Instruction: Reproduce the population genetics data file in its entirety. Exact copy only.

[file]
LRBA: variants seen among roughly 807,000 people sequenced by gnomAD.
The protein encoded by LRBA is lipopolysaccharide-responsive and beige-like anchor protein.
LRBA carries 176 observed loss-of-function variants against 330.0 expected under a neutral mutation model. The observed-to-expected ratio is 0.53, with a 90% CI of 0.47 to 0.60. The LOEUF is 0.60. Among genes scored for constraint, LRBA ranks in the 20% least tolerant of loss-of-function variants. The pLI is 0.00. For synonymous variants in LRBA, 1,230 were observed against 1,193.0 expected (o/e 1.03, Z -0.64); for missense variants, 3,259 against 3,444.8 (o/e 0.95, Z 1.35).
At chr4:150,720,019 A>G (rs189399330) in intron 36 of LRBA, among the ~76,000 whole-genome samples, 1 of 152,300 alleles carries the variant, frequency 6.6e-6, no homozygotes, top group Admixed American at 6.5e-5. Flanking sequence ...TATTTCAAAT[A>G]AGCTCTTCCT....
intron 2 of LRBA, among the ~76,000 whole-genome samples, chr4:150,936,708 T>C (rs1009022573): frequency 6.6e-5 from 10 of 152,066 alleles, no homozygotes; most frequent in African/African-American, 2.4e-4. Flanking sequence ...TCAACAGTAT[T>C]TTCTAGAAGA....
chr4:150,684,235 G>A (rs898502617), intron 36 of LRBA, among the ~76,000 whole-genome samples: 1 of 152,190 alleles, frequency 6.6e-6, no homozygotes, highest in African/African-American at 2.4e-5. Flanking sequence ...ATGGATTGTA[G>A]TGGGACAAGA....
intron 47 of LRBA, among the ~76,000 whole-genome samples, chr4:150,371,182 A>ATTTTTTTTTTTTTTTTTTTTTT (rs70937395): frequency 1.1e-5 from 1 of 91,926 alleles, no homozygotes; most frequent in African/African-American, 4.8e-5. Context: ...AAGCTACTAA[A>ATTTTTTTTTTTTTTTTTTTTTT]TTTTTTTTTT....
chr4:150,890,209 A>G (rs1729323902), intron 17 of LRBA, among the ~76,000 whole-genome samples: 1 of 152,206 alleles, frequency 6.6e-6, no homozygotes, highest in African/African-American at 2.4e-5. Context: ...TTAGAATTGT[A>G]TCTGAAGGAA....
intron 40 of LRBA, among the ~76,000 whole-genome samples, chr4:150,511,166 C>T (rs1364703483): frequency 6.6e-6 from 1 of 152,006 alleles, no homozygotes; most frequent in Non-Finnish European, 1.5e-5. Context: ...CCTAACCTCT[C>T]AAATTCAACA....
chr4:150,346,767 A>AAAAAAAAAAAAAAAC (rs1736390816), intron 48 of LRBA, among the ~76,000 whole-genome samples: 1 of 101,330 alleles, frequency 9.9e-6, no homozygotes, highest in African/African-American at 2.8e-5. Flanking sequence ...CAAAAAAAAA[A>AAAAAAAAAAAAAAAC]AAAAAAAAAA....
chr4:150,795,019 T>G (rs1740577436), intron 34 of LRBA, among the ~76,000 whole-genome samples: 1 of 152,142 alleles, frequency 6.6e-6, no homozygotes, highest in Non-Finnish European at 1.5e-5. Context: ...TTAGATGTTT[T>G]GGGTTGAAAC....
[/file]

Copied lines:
LRBA: variants seen among roughly 807,000 people sequenced by gnomAD.
The protein encoded by LRBA is lipopolysaccharide-responsive and beige-like anchor protein.
LRBA carries 176 observed loss-of-function variants against 330.0 expected under a neutral mutation model. The observed-to-expected ratio is 0.53, with a 90% CI of 0.47 to 0.60. The LOEUF is 0.60. Among genes scored for constraint, LRBA ranks in the 20% least tolerant of loss-of-function variants. The pLI is 0.00. For synonymous variants in LRBA, 1,230 were observed against 1,193.0 expected (o/e 1.03, Z -0.64); for missense variants, 3,259 against 3,444.8 (o/e 0.95, Z 1.35).
At chr4:150,720,019 A>G (rs189399330) in intron 36 of LRBA, among the ~76,000 whole-genome samples, 1 of 152,300 alleles carries the variant, frequency 6.6e-6, no homozygotes, top group Admixed American at 6.5e-5. Flanking sequence ...TATTTCAAAT[A>G]AGCTCTTCCT....
intron 2 of LRBA, among the ~76,000 whole-genome samples, chr4:150,936,708 T>C (rs1009022573): frequency 6.6e-5 from 10 of 152,066 alleles, no homozygotes; most frequent in African/African-American, 2.4e-4. Flanking sequence ...TCAACAGTAT[T>C]TTCTAGAAGA....
chr4:150,684,235 G>A (rs898502617), intron 36 of LRBA, among the ~76,000 whole-genome samples: 1 of 152,190 alleles, frequency 6.6e-6, no homozygotes, highest in African/African-American at 2.4e-5. Flanking sequence ...ATGGATTGTA[G>A]TGGGACAAGA....
intron 47 of LRBA, among the ~76,000 whole-genome samples, chr4:150,371,182 A>ATTTTTTTTTTTTTTTTTTTTTT (rs70937395): frequency 1.1e-5 from 1 of 91,926 alleles, no homozygotes; most frequent in African/African-American, 4.8e-5. Context: ...AAGCTACTAA[A>ATTTTTTTTTTTTTTTTTTTTTT]TTTTTTTTTT....
chr4:150,890,209 A>G (rs1729323902), intron 17 of LRBA, among the ~76,000 whole-genome samples: 1 of 152,206 alleles, frequency 6.6e-6, no homozygotes, highest in African/African-American at 2.4e-5. Context: ...TTAGAATTGT[A>G]TCTGAAGGAA....
intron 40 of LRBA, among the ~76,000 whole-genome samples, chr4:150,511,166 C>T (rs1364703483): frequency 6.6e-6 from 1 of 152,006 alleles, no homozygotes; most frequent in Non-Finnish European, 1.5e-5. Context: ...CCTAACCTCT[C>T]AAATTCAACA....
chr4:150,346,767 A>AAAAAAAAAAAAAAAC (rs1736390816), intron 48 of LRBA, among the ~76,000 whole-genome samples: 1 of 101,330 alleles, frequency 9.9e-6, no homozygotes, highest in African/African-American at 2.8e-5. Flanking sequence ...CAAAAAAAAA[A>AAAAAAAAAAAAAAAC]AAAAAAAAAA....
chr4:150,795,019 T>G (rs1740577436), intron 34 of LRBA, among the ~76,000 whole-genome samples: 1 of 152,142 alleles, frequency 6.6e-6, no homozygotes, highest in Non-Finnish European at 1.5e-5. Context: ...TTAGATGTTT[T>G]GGGTTGAAAC....